The Islamic State group once drew recruits from near and far with promises of paradise but now bodies of jihadists lie in mass graves or at the mercy of wild dogs as its "caliphate" collapses.
Flies buzz around human remains poking through the dusty earth in the Iraqi town of Dhuluiyah, 90 kilometres (55 miles) north of Baghdad, at a hastily-dug pit containing the bodies of dozens of IS fighters killed in 2015.
"They should have ended up in the stomachs of stray dogs," local police officer Mohammed al-Juburi told AFP.
"We buried them here not out of love but because we wanted to avoid diseases."
At one stage, IS ruthlessly wielded power over a vast swathe of territory straddling Iraq and Syria, but a military onslaught on multiple fronts has seen its fiefdom shrink to a last few pockets.
Since the launch in 2014 of air strikes in Iraq and Syria against the group, a US-led coalition says around 80,000 jihadists have been killed.
The overall number of dead is higher if you include those targeted by Russian and Syrian strikes.
BURIED WITH BULLDOZERS
In agricultural Dhuluiyah on the banks of the Tigris river, residents faced a common dilemma over what to do with the corpses of IS fighters after local Sunni militiamen beat back the jihadists in fierce clashes.
"We could have thrown them into the water, but we love the river too much to pollute it," said the local policeman, who lost his own brother in the violence.
"The people here as well as their animals drink from the Tigris."
Local finally decided to dig a mass grave for the fighters -- but they said they refused to honour them with Islamic rites.
Iraqis visit the grave of a relative, who was killed during battles with Islamic State (IS) group fighters, at a graveyard in the Iraqi town of Dhuluiyah, 90 kilometres (55 miles) north of Baghdad, on Oct. 10, 2017. The Islamic State group once drew recruits from near and far with promises of paradise but now bodies of jihadists lie in mass graves or at the mercy of wild dogs as its
Iraqis visit the grave of a relative, who was killed during battles with Islamic State (IS) group fighters, at a graveyard in the Iraqi town of Dhuluiyah, 90 kilometres (55 miles) north of Baghdad, on Oct. 10, 2017. The Islamic State group once drew recruits from near and far with promises of paradise but now bodies of jihadists lie in mass graves or at the mercy of wild dogs as its (Agence France-Presse/Sabah Arar)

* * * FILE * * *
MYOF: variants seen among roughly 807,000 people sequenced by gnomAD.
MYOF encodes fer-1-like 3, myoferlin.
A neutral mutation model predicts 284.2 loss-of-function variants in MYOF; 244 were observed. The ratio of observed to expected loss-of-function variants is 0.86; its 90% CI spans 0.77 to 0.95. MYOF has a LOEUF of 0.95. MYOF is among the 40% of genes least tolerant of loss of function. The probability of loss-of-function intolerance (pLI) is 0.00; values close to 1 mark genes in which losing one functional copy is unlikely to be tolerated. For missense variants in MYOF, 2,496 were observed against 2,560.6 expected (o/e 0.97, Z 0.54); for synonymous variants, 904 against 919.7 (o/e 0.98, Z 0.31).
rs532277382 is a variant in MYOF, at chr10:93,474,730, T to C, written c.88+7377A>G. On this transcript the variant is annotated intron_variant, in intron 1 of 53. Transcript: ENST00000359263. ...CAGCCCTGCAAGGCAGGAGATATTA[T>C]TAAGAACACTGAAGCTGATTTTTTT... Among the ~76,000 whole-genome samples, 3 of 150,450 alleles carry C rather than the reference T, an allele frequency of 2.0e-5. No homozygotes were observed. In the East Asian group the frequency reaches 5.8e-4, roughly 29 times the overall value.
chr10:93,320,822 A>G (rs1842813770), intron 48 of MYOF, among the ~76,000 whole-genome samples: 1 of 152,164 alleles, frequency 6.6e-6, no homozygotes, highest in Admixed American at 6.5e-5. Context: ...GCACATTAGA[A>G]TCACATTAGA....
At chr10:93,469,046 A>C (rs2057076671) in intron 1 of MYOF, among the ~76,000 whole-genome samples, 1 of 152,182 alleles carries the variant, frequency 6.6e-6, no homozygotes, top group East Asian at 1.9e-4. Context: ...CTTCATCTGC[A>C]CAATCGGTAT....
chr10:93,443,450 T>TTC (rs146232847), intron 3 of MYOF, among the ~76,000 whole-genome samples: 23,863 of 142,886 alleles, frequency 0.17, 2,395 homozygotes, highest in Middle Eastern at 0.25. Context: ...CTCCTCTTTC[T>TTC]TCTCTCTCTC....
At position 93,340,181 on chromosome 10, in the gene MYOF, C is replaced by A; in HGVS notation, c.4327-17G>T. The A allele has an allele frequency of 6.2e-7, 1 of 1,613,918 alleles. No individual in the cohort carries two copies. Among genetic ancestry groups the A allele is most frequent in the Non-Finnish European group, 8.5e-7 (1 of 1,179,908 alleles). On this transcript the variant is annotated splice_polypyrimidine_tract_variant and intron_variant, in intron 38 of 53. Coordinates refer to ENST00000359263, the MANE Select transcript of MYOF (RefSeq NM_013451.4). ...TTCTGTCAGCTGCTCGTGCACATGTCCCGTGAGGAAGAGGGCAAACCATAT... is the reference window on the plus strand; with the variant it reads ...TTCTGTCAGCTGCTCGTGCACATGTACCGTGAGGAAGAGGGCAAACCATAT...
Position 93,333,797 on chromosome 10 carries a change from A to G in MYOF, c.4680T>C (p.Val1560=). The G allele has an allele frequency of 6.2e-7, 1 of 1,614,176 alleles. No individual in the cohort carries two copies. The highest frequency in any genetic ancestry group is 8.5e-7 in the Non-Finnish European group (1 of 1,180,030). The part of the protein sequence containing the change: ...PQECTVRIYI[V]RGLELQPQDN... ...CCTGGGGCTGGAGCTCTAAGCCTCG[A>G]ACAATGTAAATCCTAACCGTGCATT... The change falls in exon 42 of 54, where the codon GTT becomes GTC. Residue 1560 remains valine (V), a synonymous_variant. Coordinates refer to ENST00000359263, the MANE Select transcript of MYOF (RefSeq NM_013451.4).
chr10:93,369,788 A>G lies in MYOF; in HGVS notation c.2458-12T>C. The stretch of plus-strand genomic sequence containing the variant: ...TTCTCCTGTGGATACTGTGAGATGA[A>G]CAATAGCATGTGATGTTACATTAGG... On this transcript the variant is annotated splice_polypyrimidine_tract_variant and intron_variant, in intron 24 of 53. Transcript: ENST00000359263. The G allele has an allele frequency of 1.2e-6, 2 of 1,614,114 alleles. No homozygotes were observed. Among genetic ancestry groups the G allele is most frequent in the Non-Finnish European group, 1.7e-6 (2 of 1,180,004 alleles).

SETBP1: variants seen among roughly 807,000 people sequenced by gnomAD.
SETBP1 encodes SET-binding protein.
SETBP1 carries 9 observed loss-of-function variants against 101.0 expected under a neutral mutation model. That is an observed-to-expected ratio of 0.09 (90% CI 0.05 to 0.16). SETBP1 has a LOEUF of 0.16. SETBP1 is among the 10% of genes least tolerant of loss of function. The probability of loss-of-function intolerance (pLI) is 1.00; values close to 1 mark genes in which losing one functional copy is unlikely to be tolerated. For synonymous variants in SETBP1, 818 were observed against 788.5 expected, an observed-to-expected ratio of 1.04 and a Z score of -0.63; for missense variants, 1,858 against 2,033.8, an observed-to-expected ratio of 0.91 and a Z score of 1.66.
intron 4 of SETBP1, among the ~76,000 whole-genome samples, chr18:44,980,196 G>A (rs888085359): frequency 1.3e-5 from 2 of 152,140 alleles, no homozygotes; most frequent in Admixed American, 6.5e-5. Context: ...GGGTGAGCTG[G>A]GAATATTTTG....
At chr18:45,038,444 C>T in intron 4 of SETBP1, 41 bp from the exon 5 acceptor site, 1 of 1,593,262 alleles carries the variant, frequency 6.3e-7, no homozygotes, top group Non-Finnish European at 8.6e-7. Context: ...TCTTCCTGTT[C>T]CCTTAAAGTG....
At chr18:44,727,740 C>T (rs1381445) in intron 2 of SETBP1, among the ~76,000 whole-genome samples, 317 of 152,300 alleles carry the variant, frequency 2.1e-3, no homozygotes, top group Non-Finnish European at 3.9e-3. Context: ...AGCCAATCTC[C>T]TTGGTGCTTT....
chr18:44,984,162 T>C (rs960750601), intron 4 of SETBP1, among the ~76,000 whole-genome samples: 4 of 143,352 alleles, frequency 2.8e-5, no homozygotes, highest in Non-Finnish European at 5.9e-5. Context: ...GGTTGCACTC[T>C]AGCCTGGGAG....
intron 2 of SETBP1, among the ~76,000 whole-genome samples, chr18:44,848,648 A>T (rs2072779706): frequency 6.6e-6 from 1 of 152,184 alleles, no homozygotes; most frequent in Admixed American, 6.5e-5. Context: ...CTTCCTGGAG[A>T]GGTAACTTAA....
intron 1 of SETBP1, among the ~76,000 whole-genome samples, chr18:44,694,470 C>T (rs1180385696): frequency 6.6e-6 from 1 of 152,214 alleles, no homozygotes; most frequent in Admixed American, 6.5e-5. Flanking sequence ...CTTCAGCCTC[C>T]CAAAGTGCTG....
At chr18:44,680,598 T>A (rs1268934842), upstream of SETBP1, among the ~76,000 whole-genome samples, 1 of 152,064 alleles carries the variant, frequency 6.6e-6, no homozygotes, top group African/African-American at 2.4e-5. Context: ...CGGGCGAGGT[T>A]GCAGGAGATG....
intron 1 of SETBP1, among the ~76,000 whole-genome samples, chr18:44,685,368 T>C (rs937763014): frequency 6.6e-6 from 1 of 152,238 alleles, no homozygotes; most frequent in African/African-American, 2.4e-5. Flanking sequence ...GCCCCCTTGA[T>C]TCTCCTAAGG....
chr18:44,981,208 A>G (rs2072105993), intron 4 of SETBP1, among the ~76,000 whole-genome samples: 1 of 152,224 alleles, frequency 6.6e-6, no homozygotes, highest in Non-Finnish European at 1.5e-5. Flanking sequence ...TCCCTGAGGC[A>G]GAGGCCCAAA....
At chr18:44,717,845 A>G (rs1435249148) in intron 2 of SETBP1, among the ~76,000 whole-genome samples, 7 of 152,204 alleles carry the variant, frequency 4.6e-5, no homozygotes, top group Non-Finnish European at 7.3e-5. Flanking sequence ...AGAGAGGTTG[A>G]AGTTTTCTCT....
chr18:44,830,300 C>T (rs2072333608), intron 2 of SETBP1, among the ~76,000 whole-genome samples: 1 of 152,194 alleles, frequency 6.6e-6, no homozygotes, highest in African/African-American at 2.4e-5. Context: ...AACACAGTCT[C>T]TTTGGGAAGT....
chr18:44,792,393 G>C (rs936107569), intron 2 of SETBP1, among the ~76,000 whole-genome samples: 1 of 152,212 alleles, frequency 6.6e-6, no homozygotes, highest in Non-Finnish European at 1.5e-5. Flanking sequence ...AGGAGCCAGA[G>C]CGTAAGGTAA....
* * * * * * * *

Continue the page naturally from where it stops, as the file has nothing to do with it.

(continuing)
"We buried them with bulldozers. Even in the ground they are still mired in their own filth," said farmer Shalan al-Juburi.
"They said that they would go to paradise to enjoy the gardens of delights, but this is how they ended up."
The desolate site is in stark contrast to a nearby graveyard surrounded by a red-brick wall a few hundred metres (yards) away.
There the "martyrs" who died helping to stop the jihadist advance lie in well-tended tombs adorned with their portraits and shaded by trees.
Elsewhere, in western Iraq's Anbar province, the luckiest among the IS dead appear to be those killed during its offensives against the army in 2015.
In the centre of Fallujah, the first major city captured by the group in 2014, hundreds of memorials in a makeshift cemetery bear the noms de guerre of foreign fighters buried by their comrades.
But as Iraqi forces in Anbar now look to oust the jihadists from their final footholds, operation commander Mahmoud al-Fellahi insisted any jihadists killed will end up in mass graves.
A similar fate befell IS members in the city of Mosul, the group's largest urban stronghold in Iraq that it lost in July.
There, a senior Iraqi commander told AFP, authorities used earthmoving equipment "to bury the jihadists after we collected information on their identities and nationalities".
'DESERT DOGS ARE WAITING'
Across the border in Syria -- where competing Russia and US-backed offensives are squeezing IS -- the Britain-based Syrian Observatory for Human Rights estimates some 50,000 IS members have been killed.
As clashes rage with the jihadists, one Syrian commander said that what happens to dead fighters is not a priority.
"At the moment, we are more interested in what happens above the ground than under it," he told AFP.
Another military source said the identities of the fighters can provide useful intelligence.
"The terrorists try to collect their dead. If we find them, we try to identify the foreigners for a possible information swap with their home countries," the source said.
In the desert plains that the jihadists once dominated, the bodies of dead fighters are left abandoned, a pro-regime militia head told AFP.
"The desert dogs are waiting for them," he said. "When fighting ends, the jihadists come out of their hiding places to collect the remains."
A spokesman for the US-backed force close to ousting IS from the city of Raqa said the bodies of the group's members were "generally buried" whenever possible.
"But sometimes due to snipers or because they are under rubble, some of the bodies end up rotting," said Syrian Defence Forces representative Mustefa Bali.
While the rank-and-file are often left forgotten, IS appears to have taken care to hide the final resting places of prominent Western jihadists.
"Figures who were well-known and wanted by the international community are buried at secret locations," said Syrian Observatory head Rami Abdel Rahman.
Those include notorious British executioner Mohamed Emwazi, known as "Jihadi John", propaganda chief Abu Muhammad al-Adnani and military leader Omar al-Shishani.
There has been no record of bodies of foreign jihadists being repatriated, said Abdel Rahman.